Artist: Drift Into Black
Album: Patterns of Light
Label: Black Doomba Records
Release Date: 28/05/2021
For those who aren’t aware, DIB is a solo project by multi-instrumentalist Craig Rossi, who hails from Sayreville, New Jersey. This album does feature some guest musicians though with Rick Habeeb as a guitar guest on The Burial Gown and Patterns of Light Pt2, as well as featuring Paul LaPlaca on bass and Klemen Markelj on drums. Rossi formed the project in 2017, since which time he has released two other full-length albums and an EP. As stated, the project plays a blend of proggy gothic doom metal and European style melodic doom death, all with a synth base.
Do not let the album art fool you, this is a beautiful piece of music. When I first saw it my mind went straight to death metal or deathcore, but that may have just been me. Much to my pleasure the album turned out to be a well written, highly atmospheric offering of doom. At times, the album’s sound reminds me of later career My Dying Bride meeting My Silent Wake and Saturnus. However, at other times it has more of a proggy gothic feel to it, particularly with the back and forth between clean vocals and harsh vocals, which actually brings to mind Opeth at many points on the release.
The guitar work is probably my favourite element on the album, it’s not overly heavy or complex, but it is extremely well written and performed. There is quite a bit of variety worked in there so that it never gets dull as some doom death releases can, but that is thanks to the proggy elements on the release. On top of that the guitar tone for the most part containing a tonne of emotion, a trait I have always appreciated about the genre. The synth elements completely re-enforce any and all emotion created by the guitar work, really adding a tonne of depth and gothic energy to the overall sound of the release. The hauntingly sung vocal melodies layered into the background of the music continue to expand this atmosphere. The bass and drum work on the release are both solid but they’re not the stars of the album, this title is reserved for the guitar, vocals and synth on this particular release.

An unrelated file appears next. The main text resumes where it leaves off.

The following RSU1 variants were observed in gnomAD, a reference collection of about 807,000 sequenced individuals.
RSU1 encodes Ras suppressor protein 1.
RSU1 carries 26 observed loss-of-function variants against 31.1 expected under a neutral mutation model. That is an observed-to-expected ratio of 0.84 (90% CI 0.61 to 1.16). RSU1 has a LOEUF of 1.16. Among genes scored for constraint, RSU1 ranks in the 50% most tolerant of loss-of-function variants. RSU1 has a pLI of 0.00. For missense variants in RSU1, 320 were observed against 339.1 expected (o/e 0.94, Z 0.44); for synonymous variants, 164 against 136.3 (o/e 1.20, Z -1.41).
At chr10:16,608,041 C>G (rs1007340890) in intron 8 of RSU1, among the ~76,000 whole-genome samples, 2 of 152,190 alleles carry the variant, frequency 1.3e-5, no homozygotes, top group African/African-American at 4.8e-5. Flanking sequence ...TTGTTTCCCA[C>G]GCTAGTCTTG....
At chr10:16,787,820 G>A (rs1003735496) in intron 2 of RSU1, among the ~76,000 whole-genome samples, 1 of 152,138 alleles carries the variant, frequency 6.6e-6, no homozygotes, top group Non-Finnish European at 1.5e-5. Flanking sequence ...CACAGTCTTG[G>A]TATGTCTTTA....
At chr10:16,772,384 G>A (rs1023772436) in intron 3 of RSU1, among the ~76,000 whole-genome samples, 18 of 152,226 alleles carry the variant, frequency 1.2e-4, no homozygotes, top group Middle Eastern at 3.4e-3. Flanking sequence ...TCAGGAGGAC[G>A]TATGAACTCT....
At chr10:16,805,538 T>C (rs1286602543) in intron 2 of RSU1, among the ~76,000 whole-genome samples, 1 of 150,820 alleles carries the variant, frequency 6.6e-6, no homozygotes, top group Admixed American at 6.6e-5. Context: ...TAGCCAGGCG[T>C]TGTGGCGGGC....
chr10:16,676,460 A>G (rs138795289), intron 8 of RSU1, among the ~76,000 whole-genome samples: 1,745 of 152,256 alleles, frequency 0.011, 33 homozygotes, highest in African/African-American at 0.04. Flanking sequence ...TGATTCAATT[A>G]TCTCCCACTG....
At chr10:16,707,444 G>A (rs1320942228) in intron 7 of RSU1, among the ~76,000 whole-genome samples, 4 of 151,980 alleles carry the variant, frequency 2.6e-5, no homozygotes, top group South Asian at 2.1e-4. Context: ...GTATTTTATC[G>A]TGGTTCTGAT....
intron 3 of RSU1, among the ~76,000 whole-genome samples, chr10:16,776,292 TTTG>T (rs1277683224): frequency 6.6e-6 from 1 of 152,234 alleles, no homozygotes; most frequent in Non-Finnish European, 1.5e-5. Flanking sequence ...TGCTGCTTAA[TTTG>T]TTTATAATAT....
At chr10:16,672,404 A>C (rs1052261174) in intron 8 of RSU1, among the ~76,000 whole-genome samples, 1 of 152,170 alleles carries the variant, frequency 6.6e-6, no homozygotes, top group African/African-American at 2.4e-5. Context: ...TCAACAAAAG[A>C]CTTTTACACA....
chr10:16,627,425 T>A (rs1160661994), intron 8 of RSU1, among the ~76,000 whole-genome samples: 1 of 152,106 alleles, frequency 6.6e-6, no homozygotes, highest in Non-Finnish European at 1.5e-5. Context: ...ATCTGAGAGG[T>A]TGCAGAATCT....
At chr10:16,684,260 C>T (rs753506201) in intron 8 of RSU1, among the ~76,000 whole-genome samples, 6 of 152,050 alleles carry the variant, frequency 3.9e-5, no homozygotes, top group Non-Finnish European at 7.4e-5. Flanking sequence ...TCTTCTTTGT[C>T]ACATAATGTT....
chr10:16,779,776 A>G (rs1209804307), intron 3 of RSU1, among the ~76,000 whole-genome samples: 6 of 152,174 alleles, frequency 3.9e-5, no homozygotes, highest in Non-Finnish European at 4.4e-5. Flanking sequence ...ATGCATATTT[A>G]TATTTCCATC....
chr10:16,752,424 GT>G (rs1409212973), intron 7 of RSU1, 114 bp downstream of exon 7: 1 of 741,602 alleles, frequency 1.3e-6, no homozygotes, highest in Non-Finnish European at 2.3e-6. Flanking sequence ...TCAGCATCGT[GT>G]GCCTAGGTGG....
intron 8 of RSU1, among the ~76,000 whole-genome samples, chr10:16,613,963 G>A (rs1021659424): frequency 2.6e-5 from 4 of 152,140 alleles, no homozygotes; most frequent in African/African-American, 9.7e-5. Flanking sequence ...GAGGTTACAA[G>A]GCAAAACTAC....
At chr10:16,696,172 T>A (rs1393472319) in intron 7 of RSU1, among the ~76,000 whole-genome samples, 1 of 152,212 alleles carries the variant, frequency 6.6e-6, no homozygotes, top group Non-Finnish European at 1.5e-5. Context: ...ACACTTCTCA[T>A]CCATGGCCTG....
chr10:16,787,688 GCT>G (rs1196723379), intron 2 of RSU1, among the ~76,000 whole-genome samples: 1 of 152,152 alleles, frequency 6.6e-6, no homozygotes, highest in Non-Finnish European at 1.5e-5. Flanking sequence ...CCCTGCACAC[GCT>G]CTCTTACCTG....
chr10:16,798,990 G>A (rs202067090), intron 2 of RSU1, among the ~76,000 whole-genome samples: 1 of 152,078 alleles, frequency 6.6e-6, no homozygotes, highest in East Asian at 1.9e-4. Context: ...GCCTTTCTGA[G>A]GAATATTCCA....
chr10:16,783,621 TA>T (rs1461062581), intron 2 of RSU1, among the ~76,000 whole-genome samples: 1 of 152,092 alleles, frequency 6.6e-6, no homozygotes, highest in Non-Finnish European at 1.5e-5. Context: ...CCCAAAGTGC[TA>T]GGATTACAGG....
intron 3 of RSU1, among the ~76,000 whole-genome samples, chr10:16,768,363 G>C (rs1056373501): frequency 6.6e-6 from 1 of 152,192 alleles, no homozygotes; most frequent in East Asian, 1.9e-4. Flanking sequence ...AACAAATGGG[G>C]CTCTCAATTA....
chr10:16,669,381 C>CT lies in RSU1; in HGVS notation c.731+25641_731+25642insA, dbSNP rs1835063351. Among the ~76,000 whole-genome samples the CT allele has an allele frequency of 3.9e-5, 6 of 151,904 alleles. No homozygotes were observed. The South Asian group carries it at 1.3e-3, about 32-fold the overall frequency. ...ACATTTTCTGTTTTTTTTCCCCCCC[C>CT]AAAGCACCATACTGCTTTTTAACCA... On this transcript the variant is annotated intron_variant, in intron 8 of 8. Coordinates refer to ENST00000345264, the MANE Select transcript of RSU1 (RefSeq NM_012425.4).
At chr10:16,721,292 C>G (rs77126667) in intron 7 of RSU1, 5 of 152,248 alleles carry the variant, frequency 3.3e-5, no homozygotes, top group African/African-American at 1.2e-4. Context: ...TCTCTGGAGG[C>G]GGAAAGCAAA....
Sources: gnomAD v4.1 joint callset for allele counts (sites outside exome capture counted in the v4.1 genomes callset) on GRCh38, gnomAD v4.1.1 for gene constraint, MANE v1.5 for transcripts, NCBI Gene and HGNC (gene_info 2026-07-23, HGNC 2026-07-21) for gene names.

As with many prog influenced albums, this release has an underlying theme and concept to it. The album tells a story of loss and grief, religion and revenge and even has a plot twist or two. This is just icing on the cake for an album that is already interesting and engaging based solely on its song writing and musical merits. For those of you who enjoy your music with substance and depth, let this be one more reason to give the album a listen.
Before I wrap up, I do have to make one comment though on how strange of a track Thread of Hope is in the context of the album as a whole. It has almost a dancy disco tone to it and a truly upbeat energy. It’s not a bad track by any means, it just feels a little odd when you look at the songs that come before and after it, especially considering that the following song Her Voice From Beyond is easily on of the heaviest and darkest on the album. You will have to see what you think when you listen to the album, maybe you’ll love it.
Overall, this was a solid release from a project that I wasn’t familiar with until now. I’m happy to say that Rossi has a new fan here and that I will be checking out all future work he puts out. If you enjoy doom death or proggy gothic metal then this is definitely going to be something that you enjoy, so give it a spin today.
Listen to and order the album: